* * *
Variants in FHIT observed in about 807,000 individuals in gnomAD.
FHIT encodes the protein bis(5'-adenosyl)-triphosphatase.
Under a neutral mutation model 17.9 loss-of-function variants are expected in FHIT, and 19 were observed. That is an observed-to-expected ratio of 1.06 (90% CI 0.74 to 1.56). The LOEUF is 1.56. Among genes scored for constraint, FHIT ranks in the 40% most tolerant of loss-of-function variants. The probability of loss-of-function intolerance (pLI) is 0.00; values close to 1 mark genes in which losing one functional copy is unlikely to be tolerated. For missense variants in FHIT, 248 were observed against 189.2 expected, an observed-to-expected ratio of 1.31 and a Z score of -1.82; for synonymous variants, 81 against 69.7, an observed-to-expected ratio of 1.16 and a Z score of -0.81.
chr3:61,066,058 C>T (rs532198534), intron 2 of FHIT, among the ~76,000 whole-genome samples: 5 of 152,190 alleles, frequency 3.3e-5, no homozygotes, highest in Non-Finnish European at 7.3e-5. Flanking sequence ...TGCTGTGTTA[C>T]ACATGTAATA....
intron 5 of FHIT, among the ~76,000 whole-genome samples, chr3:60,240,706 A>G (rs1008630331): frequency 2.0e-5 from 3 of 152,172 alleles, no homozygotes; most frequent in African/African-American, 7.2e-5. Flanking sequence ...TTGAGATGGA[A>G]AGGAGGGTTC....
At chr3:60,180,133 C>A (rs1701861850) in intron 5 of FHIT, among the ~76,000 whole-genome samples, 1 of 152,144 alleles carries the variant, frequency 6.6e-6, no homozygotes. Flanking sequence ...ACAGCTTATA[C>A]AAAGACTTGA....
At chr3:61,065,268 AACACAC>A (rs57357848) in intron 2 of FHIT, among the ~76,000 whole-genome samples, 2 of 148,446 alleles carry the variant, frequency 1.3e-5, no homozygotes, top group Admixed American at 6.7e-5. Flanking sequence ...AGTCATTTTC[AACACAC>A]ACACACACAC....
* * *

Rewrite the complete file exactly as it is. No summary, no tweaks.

Variants in FHIT observed in about 807,000 individuals in gnomAD.
FHIT encodes the protein bis(5'-adenosyl)-triphosphatase.
Under a neutral mutation model 17.9 loss-of-function variants are expected in FHIT, and 19 were observed. That is an observed-to-expected ratio of 1.06 (90% CI 0.74 to 1.56). The LOEUF is 1.56. Among genes scored for constraint, FHIT ranks in the 40% most tolerant of loss-of-function variants. The probability of loss-of-function intolerance (pLI) is 0.00; values close to 1 mark genes in which losing one functional copy is unlikely to be tolerated. For missense variants in FHIT, 248 were observed against 189.2 expected, an observed-to-expected ratio of 1.31 and a Z score of -1.82; for synonymous variants, 81 against 69.7, an observed-to-expected ratio of 1.16 and a Z score of -0.81.
chr3:61,066,058 C>T (rs532198534), intron 2 of FHIT, among the ~76,000 whole-genome samples: 5 of 152,190 alleles, frequency 3.3e-5, no homozygotes, highest in Non-Finnish European at 7.3e-5. Flanking sequence ...TGCTGTGTTA[C>T]ACATGTAATA....
intron 5 of FHIT, among the ~76,000 whole-genome samples, chr3:60,240,706 A>G (rs1008630331): frequency 2.0e-5 from 3 of 152,172 alleles, no homozygotes; most frequent in African/African-American, 7.2e-5. Flanking sequence ...TTGAGATGGA[A>G]AGGAGGGTTC....
At chr3:60,180,133 C>A (rs1701861850) in intron 5 of FHIT, among the ~76,000 whole-genome samples, 1 of 152,144 alleles carries the variant, frequency 6.6e-6, no homozygotes. Flanking sequence ...ACAGCTTATA[C>A]AAAGACTTGA....
At chr3:61,065,268 AACACAC>A (rs57357848) in intron 2 of FHIT, among the ~76,000 whole-genome samples, 2 of 148,446 alleles carry the variant, frequency 1.3e-5, no homozygotes, top group Admixed American at 6.7e-5. Flanking sequence ...AGTCATTTTC[AACACAC>A]ACACACACAC....